Day 5: The Road to the Dongs

Hiking back down the hill following our tireless Sherpas – god bless their cotton socks. A purchase of some jim jams and some other assorted souvenirs for the offspring we were into the car and a 3 hr drive to San Jiang which is home to the ‘tall Pagoda in all of Guilin’

A pagoda is a traditional ceremonial building and this one in particular was very tall – of which I was too scared to climb to the top. Tory was not and giggled as she passed my sweaty, scared carcass.

Again another feast followed of Wild Pig Skin Soup, Meat with Mushrooms and other assorted veggies and rice. I’m beginning to think our guide believes that I’m an alcoholic because as soon as I sit I have 2 cold long necks to next to me each time. Although Im not complaining yet!

Little did we know that the the following 4 hrs would be some of the worst driving experience I’ve ever had. It makes the drive to Mt Squires in the Simpson Desert feel like a Gelati licking stroll along the parade.

The autonomous government of the day thought it imperative to build a new highway through the mountains for a length of 150km by hand. It seemed that there may have been a workforce of 20 something (females mainly) laying concrete and screeing with whatever odd trowel at their disposal. Whilst this was happening the road eventually became a one lane goat track which accommodated every bus and truck that was decided to venture north or south along it. With no-one ever ever ever ever (and ever) yielding right of way this made for some very harrowing driving by our man Wu. To illustrate this point we saw 2 over turned lorries on the side of the road wing mirror deep in the paddies. Happening only minutes before we arrived.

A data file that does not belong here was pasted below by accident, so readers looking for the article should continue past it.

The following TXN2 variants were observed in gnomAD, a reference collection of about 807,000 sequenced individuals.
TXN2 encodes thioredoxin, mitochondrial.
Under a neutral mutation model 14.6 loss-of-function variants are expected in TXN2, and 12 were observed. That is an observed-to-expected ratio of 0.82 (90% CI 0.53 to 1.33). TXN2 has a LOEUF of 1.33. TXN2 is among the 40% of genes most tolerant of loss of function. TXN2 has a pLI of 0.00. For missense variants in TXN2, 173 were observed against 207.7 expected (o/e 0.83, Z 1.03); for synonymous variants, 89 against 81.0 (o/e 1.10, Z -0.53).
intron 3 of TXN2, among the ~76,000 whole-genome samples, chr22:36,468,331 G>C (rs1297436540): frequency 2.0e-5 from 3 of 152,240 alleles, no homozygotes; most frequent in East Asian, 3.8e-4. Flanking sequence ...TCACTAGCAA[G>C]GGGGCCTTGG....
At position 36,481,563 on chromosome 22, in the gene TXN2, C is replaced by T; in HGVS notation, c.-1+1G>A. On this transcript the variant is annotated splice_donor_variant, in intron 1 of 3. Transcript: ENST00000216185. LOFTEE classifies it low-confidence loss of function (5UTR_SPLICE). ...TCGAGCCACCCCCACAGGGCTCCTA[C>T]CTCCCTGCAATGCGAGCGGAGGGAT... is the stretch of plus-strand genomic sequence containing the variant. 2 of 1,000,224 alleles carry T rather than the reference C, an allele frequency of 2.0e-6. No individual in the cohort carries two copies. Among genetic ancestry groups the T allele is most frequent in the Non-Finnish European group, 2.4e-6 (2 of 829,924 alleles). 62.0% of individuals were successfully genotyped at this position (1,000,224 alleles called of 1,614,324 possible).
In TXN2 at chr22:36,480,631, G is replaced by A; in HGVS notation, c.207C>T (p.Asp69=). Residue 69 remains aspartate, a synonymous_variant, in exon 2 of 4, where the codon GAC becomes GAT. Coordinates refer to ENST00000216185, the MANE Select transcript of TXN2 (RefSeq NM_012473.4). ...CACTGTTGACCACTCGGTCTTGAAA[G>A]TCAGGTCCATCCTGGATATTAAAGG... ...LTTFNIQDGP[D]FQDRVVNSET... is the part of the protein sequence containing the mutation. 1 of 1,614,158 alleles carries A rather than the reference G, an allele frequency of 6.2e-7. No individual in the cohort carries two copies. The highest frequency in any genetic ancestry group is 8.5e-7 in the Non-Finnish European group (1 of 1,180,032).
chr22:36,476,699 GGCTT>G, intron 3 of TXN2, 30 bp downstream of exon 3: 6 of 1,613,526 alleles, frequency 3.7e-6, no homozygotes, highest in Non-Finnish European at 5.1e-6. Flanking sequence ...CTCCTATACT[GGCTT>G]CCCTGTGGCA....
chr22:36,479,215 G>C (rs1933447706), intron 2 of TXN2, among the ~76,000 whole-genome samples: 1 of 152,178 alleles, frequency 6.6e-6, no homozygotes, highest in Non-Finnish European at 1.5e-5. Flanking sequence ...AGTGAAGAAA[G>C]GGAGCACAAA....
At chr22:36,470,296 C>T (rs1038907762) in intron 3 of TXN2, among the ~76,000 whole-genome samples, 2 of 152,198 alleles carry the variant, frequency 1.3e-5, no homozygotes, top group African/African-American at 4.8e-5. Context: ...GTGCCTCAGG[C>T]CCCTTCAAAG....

This drive of course was to visit the Minority Village of the Dong people. Arriving after dark we were treated to the bamboo flute show. A local band in celebration for the Summer harvest. I purchased a bottle of rice wine (empty long neck filled from plastic tub in village square) and sat down with the locals to enjoy some local hospitality. What tasted like warm chardonnay mixed with cheap vodka, it was good juice in its purest form.

Dinner was hand made Sweet and Sour pork made by our guide Steve in his friends cafe kitchen, we were also treated to the bum burning experience of the local delicacy – fried dried beef with local mountain chili. Think of Territory Jerky steeped tabasco and then fried in oil and then topped with rounds of chili, served in chili oil. It had some chili in it. Tasty as buggery and as painful as the next day. Apparently.